Biblical Theology

The Kingdom of God in the Beginning

These posts will deal with the revelation of God as a King establishing His Kingdom. In this post we will survey this claim tracking it through Genesis 1-11. You should read your bible before reading this and see if these things are so. The (much shorter) audio for this story can be found here (download or listen) starting around 1:02:50.

We know and we worship a very powerful God. He created the vastness of our universe and governs the infinitesimal parts (Hebrews 1:3). He is a King and his throne is in the heavens (Psalm 103:19). He made everything, and then hovered over its formlessness.

He spent the first seven days of Creation on the throne giving the edicts of a King to His creation. He has established right and rule over all of it. He assigned its functions and deemed their worth. He tested and judged it. He saw that it was good.

Yet in all of God’s creative power, He saw fit to create a being that would share in His likeness. A being that, like Him, would maintain some degree of rule and reign. A being that would also be an “us.” He made man in His image, in His image He made them. And He gave them dominion by the blessing of His word. And He showed them love by His blessing. And He established their steps in front of them. He loved them with an everlasting love. He walked with them.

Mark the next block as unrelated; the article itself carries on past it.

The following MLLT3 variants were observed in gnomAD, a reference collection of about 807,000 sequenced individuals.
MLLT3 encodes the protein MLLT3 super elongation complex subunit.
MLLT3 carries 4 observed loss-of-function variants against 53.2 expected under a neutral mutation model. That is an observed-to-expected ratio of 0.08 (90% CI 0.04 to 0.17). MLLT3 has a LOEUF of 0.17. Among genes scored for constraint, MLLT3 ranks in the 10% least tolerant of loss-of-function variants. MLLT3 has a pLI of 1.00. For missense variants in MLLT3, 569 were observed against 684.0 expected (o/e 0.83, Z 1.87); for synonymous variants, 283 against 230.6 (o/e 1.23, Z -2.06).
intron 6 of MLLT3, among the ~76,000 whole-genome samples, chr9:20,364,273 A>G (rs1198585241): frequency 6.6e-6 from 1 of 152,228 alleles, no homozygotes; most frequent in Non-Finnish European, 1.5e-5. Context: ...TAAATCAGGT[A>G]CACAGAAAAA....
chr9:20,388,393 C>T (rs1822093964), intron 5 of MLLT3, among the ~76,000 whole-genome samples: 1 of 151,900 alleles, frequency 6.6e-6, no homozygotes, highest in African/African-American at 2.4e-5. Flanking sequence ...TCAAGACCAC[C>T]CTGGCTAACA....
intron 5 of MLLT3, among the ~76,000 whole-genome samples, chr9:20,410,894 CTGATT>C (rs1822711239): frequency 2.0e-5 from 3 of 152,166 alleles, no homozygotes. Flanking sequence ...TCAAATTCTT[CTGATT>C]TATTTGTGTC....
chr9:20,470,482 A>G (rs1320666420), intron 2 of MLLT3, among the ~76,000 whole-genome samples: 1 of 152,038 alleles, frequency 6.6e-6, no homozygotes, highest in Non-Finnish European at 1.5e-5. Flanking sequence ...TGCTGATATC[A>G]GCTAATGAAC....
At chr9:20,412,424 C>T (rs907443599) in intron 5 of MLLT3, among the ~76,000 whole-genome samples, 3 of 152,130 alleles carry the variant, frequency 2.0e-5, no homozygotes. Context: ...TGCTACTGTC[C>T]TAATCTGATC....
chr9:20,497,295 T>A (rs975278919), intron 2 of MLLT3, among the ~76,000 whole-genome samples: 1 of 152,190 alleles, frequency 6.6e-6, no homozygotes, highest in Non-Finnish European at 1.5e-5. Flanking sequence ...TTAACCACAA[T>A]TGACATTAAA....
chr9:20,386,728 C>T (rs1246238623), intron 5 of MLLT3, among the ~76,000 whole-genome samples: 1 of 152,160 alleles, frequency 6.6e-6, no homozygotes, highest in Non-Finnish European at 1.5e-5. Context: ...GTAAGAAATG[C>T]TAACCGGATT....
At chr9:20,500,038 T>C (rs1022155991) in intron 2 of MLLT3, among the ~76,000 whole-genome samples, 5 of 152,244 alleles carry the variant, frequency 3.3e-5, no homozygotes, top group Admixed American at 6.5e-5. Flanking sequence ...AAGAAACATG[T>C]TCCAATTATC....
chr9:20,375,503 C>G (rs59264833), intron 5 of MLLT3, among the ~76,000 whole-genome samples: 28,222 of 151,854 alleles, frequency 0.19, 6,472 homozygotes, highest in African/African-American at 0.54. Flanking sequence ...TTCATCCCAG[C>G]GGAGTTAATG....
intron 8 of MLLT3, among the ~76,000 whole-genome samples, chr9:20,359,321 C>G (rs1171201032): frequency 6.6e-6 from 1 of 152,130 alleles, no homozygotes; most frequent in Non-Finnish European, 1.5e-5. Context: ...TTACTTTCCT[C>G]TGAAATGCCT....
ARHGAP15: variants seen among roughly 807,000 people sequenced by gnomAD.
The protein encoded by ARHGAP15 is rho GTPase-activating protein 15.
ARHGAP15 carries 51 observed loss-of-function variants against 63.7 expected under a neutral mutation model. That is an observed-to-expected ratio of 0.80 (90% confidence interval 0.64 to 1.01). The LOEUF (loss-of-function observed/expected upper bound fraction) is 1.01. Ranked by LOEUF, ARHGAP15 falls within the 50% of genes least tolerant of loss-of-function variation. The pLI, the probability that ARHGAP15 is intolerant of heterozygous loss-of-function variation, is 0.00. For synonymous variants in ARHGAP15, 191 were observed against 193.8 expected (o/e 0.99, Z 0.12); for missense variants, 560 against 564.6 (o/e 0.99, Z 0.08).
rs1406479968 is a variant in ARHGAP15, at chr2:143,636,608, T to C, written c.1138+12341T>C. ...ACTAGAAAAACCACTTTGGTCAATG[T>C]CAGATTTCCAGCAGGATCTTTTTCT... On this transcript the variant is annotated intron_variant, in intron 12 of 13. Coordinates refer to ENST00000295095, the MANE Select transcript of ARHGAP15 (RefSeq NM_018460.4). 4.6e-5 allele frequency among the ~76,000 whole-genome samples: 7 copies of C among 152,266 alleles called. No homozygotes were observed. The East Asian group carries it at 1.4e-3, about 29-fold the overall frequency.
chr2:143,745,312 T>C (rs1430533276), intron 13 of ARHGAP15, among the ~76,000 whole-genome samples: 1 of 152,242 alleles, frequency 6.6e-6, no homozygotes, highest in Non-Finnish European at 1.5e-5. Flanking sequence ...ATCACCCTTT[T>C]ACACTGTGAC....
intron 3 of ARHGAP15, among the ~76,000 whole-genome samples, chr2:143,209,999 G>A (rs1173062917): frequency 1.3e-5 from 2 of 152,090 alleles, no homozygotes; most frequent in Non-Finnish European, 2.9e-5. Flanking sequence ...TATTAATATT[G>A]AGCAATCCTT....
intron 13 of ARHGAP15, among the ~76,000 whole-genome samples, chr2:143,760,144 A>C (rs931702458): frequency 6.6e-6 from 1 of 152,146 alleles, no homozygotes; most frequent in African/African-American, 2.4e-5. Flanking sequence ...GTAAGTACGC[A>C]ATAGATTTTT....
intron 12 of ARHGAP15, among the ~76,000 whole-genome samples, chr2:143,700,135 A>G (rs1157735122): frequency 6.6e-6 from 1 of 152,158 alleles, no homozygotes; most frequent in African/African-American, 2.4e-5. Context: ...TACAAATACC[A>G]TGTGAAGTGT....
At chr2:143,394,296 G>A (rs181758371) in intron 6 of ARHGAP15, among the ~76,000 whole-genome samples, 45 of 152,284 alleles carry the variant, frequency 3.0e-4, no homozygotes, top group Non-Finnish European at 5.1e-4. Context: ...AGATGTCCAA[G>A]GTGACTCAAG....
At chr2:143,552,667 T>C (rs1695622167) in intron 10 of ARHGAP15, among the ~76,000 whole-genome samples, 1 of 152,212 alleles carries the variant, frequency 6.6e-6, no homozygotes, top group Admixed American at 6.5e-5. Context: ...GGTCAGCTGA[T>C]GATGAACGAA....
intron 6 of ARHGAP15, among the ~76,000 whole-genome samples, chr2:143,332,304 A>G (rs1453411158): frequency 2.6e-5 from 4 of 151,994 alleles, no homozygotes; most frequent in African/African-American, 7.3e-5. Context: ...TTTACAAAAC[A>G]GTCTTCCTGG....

He showed them that He is to be trusted, that His Word is true and powerful. That He is a King to be honored and revered. He was a King that was with them in the Garden, in His Temple.

He displayed His Kingship over man by giving them a word of warning. More like a command. Eat anything and do anything. Just don’t eat that. Trust Me.

His Word is truth. His Word is steadfast. His Word is right. His Word was challenged.

A snake. It was a snake that uttered the first lie. He first perverted God’s eternal Word, and then He craftily contradicted it. He appealed to that side of man that was hungry for more power, more control, more rule. That side of man that is suspicious of his King. That side that is prone to doubt, and prone to leave the God he loves. Then man fell in. And great was that fall.

The fall into the ocean of doubt left a mountainous wake. We no longer trust God. We don’t know Him. We don’t see Him. We hurt. We labor. We do it all in vain. We go back to the dust from which we were created. And yet we continue, by the sweat of our brow and by the pain of our love.

God could have destroyed them there. He has the power to un-make them. Instead, He made them a promise and some coats. They didn’t realize it, but this was designed to point to a better Man. A faithful Man in whom there is no deceit nor shadow of change. A Man tempted, but a Man who would prevail. A Man that would suffer bruises, but would not neglect to administer the final blow. A Man whose covering would truly shield us from our frigid shame. A Man who was there in the beginning. A Man who not only trusted the Word, but who is the Word.